Last week Friday, 26-year old Costa Rican environmentalist Jairo Mora Sandoval was kidnapped and killed while on a routine patrol to protect leatherback sea turtle eggs from local poachers. Sandoval, along with three young women from the United States and another from Spain were kidnapped by five masked men carrying rifles as they inspected leatherback nesting sites on Costa Rica’s northern Caribbean coast.

The five conservation workers were taken to an abandoned home where Mora was separated from the women. The next morning his body was found on Moín beach, bound and beaten. According to the latest news from Costa Rica’s English language Tico Times, Mora died from head trauma and asphyxiation from sand.

Mora worked for the Wider Caribbean Sea Turtle Conservation Network(WIDECAST) at Moín, a beach near the town of Limon, monitoring the beach for leatherback sea turtles. The turtle eggs are thought to be an aphrodisiac and poachers can steal as many as 200 eggs in a night where they are then sold at local bars for about $1 each.  Nest monitoring patrols and public awareness campaigns conducted by groups like WIDECAST have proven effective in reducing egg poaching and usually the mere presence of observers on beaches is often enough to scare off poachers.

But in the past year poachers on the Caribbean coast have posed a greater threat.

Just last month, Mora posted on his Facebook page that he had placed a call for help to authorities after a night of poaching raids, writing: “Send messages to the police so they come to Moín beach … Tell them not to be afraid but to come armed… 60 turtles lost and there wasn’t even a single nest… we need help and fast.”

In April of last year, similar threatening encounters occurred as a group of turtle defenders who were monitoring nests were ambushed and tied up by masked men who stole a large clutch of eggs. After that, Mora and the director of WIDECAST, Vanessa Lizano, were sometimes followed by men on motorbikes carrying AK-47s. “He was held up at gunpoint, and they told him to back off and stop the walks,” Lizano told the Tico Times. “That was his first warning, and I guess his last.”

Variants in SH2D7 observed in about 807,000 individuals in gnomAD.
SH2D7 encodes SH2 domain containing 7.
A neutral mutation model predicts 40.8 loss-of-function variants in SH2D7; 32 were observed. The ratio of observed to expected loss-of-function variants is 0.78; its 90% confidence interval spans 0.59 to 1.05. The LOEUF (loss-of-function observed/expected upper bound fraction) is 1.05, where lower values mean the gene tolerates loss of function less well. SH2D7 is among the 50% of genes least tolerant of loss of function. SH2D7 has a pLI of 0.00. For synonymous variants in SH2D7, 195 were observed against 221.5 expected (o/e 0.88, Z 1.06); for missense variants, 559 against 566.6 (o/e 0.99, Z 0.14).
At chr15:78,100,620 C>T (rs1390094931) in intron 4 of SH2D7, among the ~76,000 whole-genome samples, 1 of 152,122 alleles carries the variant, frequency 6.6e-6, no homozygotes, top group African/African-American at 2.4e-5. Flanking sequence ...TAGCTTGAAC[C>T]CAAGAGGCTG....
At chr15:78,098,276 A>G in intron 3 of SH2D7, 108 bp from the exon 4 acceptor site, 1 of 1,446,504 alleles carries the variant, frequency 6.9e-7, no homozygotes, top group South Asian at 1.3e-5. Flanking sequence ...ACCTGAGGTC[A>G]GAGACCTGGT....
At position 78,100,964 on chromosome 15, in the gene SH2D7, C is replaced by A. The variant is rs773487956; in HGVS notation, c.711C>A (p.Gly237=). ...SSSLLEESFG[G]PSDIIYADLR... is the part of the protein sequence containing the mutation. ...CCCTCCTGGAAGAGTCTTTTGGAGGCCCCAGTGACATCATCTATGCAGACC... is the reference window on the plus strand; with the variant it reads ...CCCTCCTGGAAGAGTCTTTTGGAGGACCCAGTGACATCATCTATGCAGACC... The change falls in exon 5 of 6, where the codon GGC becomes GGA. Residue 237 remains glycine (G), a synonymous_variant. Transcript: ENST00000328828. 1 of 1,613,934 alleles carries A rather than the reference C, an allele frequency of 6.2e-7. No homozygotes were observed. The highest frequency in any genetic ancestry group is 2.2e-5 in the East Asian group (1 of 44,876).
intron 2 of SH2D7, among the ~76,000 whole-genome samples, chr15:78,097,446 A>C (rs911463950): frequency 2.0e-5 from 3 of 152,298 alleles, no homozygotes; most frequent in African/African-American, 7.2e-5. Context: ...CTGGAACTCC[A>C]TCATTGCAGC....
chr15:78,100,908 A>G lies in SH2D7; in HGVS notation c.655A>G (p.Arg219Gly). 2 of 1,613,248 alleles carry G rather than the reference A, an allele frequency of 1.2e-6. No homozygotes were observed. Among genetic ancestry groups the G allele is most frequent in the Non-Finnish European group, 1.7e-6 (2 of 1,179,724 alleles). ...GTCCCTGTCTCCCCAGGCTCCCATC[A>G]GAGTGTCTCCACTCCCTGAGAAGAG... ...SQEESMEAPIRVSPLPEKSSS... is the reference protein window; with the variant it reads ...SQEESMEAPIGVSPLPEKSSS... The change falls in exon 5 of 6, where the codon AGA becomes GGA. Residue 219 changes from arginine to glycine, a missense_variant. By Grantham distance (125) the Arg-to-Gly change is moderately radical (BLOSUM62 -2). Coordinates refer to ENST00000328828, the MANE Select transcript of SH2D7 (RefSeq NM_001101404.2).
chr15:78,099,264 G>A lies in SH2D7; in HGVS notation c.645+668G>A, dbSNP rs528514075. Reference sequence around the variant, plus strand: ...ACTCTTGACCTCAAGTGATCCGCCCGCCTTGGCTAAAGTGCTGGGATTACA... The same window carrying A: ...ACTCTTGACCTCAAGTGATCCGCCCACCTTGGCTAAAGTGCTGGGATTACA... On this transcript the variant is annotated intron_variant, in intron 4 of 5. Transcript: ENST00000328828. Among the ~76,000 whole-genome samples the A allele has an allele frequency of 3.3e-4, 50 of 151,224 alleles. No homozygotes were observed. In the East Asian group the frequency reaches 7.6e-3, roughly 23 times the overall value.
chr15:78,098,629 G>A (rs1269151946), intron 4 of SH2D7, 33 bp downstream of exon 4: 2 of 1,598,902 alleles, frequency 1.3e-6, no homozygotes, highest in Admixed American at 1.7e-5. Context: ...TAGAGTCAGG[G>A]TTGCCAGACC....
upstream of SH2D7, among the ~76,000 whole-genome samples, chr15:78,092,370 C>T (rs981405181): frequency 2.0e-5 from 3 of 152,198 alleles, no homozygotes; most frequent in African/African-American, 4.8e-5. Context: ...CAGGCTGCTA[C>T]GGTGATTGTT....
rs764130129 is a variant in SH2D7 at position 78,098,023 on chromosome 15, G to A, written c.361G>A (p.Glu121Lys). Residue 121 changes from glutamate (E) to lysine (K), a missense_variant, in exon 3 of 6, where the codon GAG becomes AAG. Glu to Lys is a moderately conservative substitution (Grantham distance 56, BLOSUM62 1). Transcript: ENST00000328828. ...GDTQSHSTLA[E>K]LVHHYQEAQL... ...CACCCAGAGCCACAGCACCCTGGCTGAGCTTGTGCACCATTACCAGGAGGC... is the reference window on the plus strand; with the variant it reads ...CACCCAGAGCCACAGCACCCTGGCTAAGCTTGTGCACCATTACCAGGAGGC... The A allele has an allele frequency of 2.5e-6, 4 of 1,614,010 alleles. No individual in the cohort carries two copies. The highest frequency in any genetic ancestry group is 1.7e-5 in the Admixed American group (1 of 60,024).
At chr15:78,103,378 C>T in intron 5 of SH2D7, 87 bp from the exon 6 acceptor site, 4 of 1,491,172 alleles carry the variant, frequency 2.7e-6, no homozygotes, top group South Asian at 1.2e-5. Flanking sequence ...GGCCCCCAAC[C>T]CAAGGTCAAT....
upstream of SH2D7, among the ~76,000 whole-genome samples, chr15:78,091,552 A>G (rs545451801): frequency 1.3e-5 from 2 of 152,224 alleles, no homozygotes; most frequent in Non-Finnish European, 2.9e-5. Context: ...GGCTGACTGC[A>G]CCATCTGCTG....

Tragic happenings like this will unfortunately also bring tragic consequences for the environment and the organizations working for its protection. Because most hands-on sea turtle conservation projects are run by non-governmental organizations, they are dependent on tourist volunteers to help conduct beach surveillance. The murder of a local conservationist and the kidnapping of international tourists is already impacting that work. Patrols at the site have been shut down and ecotourists and volunteers have cancelled upcoming reservations.

Costa Rica, has built its reputation as a mecca for ecotourism, as a nation committed to the protection of the environment, and as a safe place for tourists to visit. Tourism is one of the major drivers of Costa Rica’s economy, attracting around 2 million visitors a year, and revenues of approximately $2 billion, more than the value of the export of coffee and bananas combined. The sea turtle conservation model is critical to protecting nesting beaches and for the sake of the ecology and economy of Costa Rica, the Costa Rican government must bring the murderers to justice assuring everyone that Costa Rica beaches are safe for sea turtles and people.

So far Costa Rican authorities have pledged to find Mora’s murderers. Costa Rican Environment Minister René Castro says the government is considering making Moín Beach a protected area. “We will be using the proposal submitted by WIDECAST in order to formulate a plan for the creation of a protected area where Jairo worked,” Castro said.

We at the Sea Turtle Restoration Project have organized a coalition of organizations who are contributing to a REWARD FUND for information leading to the arrest and conviction of the murderers. The Justice for Jairo Reward Fund is expected to grow as more organizations and individuals learn about this heinous crime and want to help. Individuals can contribute to the reward fund at

Several petitions, which together already have gathered more than 10,000 signatures in the past few days, are aimed at Costa Rican President Laura Chinchilla, calling for swift and decisive action to bring the perpetrators to justice. You can sign the petitions here.